The photo of classified documents at Mar-a-Lago, annotated

Perhaps the most thought-provoking component of the court filing submitted Tuesday night by the Justice Department did not involve legal argumentation or an articulation of the department’s possible case against former president Donald Trump. Instead, it was a photograph showing documents arrayed on the floor of an unidentified room.

Clearly visible on more than a half-dozen of the papers: classification markings.

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The government’s months-long effort to recover documents that were kept at Trump’s Florida residence after he left the White House doesn’t depend on that material being classified. But the question of whether Trump had classified material with him at his Mar-a-Lago resort has captured the public’s attention. The photo published by the government appears to answer that question quite affirmatively.

There is detail in the photograph that bears closer examination, detail not immediately apparent to the casual observer. Below, we’ve picked out some of those details, exploring what they show — and what further questions they raise.

An immediate question is where, exactly, the photo was taken.

In its filing, the Justice Department orients the photo — the filing’s Attachment F — as follows:

“Certain of the documents had colored cover sheets indicating their classification status. See, eg, Attachment F (redacted FBI photograph of certain documents and classified cover sheets recovered from a container in the ’45 office’).”

The material shown, then, is from Trump’s personal office at Mar-a-Lago, but the photograph itself doesn’t appear to have been taken there.

Consider the detail in the lower left of the photo. We see three distinguishing elements: a busy carpet pattern, some sort of dark-blue, fringed fabric — perhaps a curtain — and white cupboards with a relief pattern. (Update: This appears to be a stylish filing cabinet.)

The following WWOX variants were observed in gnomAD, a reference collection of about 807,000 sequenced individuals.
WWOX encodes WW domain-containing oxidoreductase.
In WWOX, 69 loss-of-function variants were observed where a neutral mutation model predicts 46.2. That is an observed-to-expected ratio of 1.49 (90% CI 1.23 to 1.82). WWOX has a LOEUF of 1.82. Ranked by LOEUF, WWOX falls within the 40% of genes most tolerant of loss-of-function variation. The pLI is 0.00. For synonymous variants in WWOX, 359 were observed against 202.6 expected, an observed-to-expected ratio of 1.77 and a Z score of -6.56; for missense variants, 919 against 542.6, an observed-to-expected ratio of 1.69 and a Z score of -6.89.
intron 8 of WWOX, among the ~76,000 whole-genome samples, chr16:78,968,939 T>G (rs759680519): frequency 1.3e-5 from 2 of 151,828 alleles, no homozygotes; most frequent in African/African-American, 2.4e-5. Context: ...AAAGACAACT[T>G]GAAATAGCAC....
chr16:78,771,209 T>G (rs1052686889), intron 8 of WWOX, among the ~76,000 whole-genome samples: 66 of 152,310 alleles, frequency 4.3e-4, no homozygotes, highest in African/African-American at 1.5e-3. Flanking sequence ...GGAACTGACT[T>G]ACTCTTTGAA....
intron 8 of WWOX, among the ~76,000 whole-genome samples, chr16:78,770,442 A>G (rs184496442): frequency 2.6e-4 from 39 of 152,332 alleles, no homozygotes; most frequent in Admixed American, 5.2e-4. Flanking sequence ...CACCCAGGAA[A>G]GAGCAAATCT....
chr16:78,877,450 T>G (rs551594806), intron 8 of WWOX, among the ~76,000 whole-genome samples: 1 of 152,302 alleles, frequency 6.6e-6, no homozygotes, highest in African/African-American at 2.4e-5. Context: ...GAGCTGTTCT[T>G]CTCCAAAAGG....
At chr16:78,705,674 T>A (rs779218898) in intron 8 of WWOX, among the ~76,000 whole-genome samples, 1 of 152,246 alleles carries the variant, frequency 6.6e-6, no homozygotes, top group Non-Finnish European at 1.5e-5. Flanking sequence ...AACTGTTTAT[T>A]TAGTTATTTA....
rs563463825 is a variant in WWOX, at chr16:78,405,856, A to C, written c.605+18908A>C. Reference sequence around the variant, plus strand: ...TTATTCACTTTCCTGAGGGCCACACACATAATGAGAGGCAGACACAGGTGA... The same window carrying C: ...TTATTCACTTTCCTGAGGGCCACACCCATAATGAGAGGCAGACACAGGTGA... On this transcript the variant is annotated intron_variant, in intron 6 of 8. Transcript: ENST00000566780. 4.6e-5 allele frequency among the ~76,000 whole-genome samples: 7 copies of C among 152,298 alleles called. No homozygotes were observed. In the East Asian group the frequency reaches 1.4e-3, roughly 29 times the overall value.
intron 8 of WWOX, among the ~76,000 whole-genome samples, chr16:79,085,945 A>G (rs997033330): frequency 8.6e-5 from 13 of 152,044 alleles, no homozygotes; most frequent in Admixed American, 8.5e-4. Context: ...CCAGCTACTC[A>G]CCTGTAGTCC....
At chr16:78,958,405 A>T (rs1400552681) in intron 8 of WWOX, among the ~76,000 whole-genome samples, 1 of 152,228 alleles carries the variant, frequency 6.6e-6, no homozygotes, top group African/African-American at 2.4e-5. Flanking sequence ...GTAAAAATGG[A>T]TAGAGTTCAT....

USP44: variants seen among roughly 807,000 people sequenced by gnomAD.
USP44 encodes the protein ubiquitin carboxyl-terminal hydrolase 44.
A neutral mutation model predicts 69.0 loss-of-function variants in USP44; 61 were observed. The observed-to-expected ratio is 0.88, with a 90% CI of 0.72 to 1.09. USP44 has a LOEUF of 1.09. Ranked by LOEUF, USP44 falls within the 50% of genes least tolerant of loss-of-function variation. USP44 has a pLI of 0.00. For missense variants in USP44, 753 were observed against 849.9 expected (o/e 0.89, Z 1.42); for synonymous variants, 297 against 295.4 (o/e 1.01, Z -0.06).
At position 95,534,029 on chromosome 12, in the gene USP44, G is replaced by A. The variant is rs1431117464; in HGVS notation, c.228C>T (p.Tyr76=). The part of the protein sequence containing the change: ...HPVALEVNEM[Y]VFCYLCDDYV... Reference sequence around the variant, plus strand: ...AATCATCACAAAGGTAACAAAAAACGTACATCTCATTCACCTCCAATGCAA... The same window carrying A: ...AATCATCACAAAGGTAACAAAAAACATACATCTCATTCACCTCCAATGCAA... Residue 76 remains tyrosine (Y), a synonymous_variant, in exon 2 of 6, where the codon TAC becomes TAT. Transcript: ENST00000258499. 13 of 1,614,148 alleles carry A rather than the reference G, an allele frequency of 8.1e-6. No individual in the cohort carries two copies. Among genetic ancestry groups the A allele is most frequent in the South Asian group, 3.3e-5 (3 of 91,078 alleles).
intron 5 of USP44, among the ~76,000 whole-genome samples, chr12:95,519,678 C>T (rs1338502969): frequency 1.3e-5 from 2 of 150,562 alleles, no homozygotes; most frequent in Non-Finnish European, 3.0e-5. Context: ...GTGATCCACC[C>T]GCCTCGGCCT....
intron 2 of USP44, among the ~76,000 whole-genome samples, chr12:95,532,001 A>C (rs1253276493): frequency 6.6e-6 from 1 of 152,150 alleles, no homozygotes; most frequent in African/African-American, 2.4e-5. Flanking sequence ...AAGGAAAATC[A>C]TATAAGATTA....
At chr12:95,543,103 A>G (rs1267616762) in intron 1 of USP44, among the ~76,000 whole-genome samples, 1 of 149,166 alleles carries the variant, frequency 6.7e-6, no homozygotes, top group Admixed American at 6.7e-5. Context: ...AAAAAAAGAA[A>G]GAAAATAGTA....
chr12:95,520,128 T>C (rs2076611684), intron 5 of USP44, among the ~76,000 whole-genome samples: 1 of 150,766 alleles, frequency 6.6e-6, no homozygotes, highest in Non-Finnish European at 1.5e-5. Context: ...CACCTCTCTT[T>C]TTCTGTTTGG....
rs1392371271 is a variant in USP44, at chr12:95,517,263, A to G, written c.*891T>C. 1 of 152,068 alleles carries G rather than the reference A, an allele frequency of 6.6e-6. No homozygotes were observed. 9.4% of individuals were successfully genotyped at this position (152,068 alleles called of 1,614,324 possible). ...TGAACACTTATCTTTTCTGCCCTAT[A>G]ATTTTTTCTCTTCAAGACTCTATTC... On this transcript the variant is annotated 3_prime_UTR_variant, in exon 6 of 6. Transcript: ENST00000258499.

There are various photo galleries of Mar-a-Lago online (see the Atlanta Journal-Constitution’s, for example), but there’s no obvious match for the elements shown in the photo. A picture of Trump’s office, tweeted by his former aide Stephen Miller last year, shows a very different aesthetic from the one in Attachment F.

The carpet certainly has the stain-hiding aesthetic common to hotels or event spaces such as Mar-a-Lago, but it’s not immediately clear where the picture was actually taken.

Update: The Washington Post’s Aaron Schaffer notes that the carpet appears to match the one seen in photos shared by people who’d met with Trump at Mar-a-Lago, including Florida state Rep. Anthony Sabatini (R) and Kyle Rittenhouse. Trump’s daughter-in-law Lara also confirmed the carpet as being from Mar-a-Lago in an interviewas a reader pointed out.

There is another good indicator that it was at Mar-a-Lago: In a post on Truth Social on Wednesday morning, Trump suggested that it was.

There is, of course, no indication that the FBI was trying to suggest that Trump had created a mess. Instead, investigators were doing what investigators do: documenting what they’d found.

How the government documented the scene

The photograph also includes at least two indicators of that documentation.

The first is the use of a photo scale, an instrument that can be laid down to allow observers to evaluate the size of objects in a photo. You can see it below the document at the lower center of the full photo.

Then there’s the small marker to the right of that document, the one that says “2A.”